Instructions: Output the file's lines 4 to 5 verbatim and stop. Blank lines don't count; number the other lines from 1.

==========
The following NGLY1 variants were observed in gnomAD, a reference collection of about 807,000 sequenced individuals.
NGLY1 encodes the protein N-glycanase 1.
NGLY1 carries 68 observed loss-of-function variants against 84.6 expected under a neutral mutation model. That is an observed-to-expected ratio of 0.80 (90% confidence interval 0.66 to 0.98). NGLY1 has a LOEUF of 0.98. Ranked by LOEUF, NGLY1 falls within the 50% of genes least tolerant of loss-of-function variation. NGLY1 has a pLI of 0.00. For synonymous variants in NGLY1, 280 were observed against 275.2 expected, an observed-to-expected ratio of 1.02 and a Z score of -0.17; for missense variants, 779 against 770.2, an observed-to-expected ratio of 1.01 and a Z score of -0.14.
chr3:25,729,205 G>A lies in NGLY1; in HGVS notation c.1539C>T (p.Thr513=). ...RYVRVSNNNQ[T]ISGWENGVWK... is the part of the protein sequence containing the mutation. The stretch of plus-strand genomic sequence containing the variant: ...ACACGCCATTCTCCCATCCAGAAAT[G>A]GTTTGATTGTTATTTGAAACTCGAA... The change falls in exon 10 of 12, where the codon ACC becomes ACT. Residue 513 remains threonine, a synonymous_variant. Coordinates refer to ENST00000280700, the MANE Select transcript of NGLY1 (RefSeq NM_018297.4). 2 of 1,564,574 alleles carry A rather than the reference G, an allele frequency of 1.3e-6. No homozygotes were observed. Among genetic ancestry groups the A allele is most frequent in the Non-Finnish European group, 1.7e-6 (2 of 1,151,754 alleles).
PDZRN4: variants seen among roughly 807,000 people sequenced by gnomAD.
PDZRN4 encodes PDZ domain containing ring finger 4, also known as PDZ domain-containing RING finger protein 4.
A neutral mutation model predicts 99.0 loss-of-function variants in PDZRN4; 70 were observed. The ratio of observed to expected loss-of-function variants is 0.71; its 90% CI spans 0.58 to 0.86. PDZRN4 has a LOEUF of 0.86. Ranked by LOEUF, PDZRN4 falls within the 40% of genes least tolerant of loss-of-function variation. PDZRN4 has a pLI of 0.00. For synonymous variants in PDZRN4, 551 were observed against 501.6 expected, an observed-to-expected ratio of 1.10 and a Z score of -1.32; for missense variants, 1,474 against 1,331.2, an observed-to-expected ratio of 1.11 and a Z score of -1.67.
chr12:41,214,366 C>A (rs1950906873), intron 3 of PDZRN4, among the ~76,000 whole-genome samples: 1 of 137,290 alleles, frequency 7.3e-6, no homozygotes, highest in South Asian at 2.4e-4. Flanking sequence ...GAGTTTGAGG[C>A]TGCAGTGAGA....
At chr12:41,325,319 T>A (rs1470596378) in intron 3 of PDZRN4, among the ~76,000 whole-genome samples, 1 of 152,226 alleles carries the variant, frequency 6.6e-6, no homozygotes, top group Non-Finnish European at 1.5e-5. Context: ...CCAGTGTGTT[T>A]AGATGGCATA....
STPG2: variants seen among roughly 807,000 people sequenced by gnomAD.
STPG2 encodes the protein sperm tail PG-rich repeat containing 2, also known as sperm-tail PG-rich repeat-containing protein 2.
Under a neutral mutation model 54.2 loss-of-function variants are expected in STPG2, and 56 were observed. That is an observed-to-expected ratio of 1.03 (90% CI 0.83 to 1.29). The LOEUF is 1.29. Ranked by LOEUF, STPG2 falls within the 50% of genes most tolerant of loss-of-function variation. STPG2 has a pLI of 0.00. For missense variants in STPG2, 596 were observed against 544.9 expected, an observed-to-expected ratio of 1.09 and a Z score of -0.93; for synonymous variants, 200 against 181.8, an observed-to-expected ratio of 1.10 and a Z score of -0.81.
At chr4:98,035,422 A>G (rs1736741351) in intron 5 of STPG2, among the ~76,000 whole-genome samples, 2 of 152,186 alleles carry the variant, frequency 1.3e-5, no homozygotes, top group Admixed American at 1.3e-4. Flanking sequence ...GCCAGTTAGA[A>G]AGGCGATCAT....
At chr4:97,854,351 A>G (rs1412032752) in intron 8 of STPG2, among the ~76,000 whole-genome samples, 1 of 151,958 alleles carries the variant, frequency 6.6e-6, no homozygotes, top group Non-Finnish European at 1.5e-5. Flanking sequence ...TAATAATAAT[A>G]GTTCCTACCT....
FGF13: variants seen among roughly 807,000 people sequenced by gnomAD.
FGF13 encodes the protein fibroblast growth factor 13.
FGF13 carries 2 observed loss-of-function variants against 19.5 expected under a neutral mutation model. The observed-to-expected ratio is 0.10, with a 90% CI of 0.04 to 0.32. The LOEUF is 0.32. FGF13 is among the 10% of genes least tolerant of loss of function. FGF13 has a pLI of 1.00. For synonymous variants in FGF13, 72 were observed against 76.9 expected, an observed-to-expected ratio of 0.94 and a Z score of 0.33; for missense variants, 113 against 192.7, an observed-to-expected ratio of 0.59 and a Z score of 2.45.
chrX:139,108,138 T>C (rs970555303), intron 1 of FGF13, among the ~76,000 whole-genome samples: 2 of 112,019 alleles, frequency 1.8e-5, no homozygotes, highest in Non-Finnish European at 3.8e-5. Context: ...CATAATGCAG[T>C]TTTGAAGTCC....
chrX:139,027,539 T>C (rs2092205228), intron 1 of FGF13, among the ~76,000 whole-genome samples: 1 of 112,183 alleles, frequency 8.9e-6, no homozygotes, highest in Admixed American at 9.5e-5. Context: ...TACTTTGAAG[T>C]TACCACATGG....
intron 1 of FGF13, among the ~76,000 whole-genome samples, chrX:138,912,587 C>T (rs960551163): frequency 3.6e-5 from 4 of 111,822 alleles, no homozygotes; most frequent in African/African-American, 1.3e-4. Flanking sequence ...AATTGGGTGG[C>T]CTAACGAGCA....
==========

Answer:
chr3:25,729,205 G>A lies in NGLY1; in HGVS notation c.1539C>T (p.Thr513=). ...RYVRVSNNNQ[T]ISGWENGVWK... is the part of the protein sequence containing the mutation. The stretch of plus-strand genomic sequence containing the variant: ...ACACGCCATTCTCCCATCCAGAAAT[G>A]GTTTGATTGTTATTTGAAACTCGAA... The change falls in exon 10 of 12, where the codon ACC becomes ACT. Residue 513 remains threonine, a synonymous_variant. Coordinates refer to ENST00000280700, the MANE Select transcript of NGLY1 (RefSeq NM_018297.4). 2 of 1,564,574 alleles carry A rather than the reference G, an allele frequency of 1.3e-6. No homozygotes were observed. Among genetic ancestry groups the A allele is most frequent in the Non-Finnish European group, 1.7e-6 (2 of 1,151,754 alleles).
PDZRN4: variants seen among roughly 807,000 people sequenced by gnomAD.